Wednesday, August 10, 2005

Winpooch: A Real Time Watchdog for Spyware, Trojans and Attempted Registry Changes

Winpooch is a simple free real time watchdog for spyware, trojans and attempted registry changes. Winpooch reports to you in a dialogue box about attempted registry changes BEFORE they are made and gives you the choice of allowing them or not. The default position after the elapse of a certain amount of time is NOT to allow the registry change.

They write about themselves:

"Winpooch is a Windows watchdog. By adding this free watchdog, you increase the safety of your anti-virus. It detects spywares and trojans as soon as they are installed in your computer. The Windows watchdog scans system directories and the registry in real time, and uses very few process resources."

We have installed the still so-called "unstable" beta version 0.5.4 and it is working well, fending off undesired changes that our installed McAfee Anti-Virus and SpywareGuard programs did not ward off, such as for example a registry change disabling the anti-virus program itself.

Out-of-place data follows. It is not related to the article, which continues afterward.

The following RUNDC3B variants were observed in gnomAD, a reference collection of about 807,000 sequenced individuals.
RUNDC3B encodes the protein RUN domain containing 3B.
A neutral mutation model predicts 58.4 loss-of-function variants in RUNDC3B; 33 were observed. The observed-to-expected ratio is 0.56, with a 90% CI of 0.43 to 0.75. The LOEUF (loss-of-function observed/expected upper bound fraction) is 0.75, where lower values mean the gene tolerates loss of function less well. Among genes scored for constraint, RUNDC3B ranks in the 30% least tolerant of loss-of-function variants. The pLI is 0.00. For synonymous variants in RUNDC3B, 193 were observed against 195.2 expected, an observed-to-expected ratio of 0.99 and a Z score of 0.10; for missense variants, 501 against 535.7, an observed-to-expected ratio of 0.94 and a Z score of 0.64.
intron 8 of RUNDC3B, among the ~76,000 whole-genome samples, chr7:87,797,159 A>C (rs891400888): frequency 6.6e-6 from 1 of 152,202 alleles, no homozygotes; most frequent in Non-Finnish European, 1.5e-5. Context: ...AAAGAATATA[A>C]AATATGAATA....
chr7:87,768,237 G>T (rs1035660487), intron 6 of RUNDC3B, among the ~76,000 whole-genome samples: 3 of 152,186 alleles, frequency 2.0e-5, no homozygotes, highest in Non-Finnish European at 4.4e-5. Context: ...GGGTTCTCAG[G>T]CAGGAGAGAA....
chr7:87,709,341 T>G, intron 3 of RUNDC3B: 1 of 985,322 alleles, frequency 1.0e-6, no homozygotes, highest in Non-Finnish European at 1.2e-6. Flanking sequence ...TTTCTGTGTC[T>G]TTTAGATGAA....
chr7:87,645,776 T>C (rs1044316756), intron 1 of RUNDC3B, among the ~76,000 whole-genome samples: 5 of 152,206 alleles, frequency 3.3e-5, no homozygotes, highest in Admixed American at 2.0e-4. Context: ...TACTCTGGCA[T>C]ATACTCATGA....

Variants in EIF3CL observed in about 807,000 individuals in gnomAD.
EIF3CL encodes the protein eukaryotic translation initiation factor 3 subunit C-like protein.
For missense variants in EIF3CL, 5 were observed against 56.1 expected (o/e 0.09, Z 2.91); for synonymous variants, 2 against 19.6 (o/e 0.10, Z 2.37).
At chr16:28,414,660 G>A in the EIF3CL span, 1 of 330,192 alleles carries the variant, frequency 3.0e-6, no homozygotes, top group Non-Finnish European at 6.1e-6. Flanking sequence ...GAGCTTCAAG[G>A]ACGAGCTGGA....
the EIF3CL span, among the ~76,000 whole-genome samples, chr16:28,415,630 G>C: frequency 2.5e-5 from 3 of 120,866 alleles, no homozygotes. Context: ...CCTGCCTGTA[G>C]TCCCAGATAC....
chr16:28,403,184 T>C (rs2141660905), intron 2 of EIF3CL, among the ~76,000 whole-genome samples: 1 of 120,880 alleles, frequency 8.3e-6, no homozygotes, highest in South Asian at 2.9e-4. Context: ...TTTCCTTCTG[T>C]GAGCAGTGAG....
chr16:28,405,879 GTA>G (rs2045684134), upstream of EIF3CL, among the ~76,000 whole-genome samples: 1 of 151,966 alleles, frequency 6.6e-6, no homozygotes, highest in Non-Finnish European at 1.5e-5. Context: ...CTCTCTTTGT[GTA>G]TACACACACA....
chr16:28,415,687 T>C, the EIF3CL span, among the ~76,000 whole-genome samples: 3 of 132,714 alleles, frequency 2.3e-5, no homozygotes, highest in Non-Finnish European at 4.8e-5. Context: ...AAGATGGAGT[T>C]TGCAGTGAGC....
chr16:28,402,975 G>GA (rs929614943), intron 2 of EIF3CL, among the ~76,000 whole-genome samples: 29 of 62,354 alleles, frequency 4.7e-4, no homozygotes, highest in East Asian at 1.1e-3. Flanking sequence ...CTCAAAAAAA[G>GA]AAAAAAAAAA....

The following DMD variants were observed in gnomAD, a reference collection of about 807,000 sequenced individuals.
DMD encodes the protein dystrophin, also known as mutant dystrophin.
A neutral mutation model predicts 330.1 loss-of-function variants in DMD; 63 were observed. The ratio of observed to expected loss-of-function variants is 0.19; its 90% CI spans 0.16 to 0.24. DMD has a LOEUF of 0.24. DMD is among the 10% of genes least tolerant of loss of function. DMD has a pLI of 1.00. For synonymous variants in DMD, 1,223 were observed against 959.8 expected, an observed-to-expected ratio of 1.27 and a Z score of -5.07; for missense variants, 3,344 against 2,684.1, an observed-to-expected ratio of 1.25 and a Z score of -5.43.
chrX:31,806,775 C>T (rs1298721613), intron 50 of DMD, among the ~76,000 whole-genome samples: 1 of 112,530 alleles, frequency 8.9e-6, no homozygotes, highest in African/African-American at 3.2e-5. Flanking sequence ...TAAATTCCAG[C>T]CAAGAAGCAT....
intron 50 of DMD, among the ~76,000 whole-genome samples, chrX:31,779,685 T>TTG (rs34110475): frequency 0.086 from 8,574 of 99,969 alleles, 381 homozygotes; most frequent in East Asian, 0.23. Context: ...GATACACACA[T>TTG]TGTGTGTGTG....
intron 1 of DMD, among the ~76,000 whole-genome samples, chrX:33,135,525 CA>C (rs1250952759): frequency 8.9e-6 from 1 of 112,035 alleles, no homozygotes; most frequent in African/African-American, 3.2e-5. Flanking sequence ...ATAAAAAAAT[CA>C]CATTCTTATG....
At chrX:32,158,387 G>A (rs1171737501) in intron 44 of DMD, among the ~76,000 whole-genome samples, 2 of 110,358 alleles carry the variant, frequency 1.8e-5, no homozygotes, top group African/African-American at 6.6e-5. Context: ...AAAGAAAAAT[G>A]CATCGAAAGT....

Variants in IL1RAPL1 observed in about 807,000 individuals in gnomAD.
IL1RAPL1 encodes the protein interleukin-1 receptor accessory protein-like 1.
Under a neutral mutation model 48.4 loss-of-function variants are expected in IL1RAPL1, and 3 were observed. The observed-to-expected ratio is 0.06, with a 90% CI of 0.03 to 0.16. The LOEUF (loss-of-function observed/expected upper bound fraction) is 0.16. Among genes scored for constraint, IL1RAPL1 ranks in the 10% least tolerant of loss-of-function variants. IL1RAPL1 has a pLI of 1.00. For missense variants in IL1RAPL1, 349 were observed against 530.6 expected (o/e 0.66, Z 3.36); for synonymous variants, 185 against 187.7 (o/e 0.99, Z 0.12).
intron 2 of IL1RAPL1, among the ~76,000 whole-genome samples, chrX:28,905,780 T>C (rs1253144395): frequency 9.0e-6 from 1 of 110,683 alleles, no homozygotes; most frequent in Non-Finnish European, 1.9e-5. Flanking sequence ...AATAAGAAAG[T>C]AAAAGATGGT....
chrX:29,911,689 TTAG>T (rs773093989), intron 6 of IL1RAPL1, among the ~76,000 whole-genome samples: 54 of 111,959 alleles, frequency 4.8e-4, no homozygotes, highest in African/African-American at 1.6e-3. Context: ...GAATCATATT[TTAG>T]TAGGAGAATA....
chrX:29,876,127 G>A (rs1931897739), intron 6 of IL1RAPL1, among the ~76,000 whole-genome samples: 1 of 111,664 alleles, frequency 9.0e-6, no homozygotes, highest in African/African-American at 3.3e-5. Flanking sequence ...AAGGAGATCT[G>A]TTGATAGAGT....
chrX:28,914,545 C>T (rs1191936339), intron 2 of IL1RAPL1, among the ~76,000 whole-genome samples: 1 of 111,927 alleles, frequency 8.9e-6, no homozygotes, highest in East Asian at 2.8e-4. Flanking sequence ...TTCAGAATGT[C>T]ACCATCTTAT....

We do not know yet how Winpooch will function over the long term, but it looks promising.


We have observed that Winpooch might interfere with the installation of new programs. If Winpooch is installed and running, it might have to be deactivated before installing a new program which refuses otherwise to install.

Update December 7, 2005 to digg visitors (we give up, we have joined digg too):

Welcome! Someone at digg (not us!) has placed a link to this page and we are somewhat overwhelmed by the traffic, which is probably going to put us over our traffic limit at our provider and thus create extra costs, so we are placing the following info for the intellects out there to help cover the possible extra costs due to your visiting this blog in such large numbers.

Stars Stones and Scholars


Book sales help to pay for this site. As long as so many tech-interested visitors are here, some of you might be interested in looking at our book Stars Stones and Scholars as the ideal Christmas 2005 gift for the intellect who has everything, is interested in everything, or thinks he knows everything. This is the perfect book to challenge what is known. Click for details.

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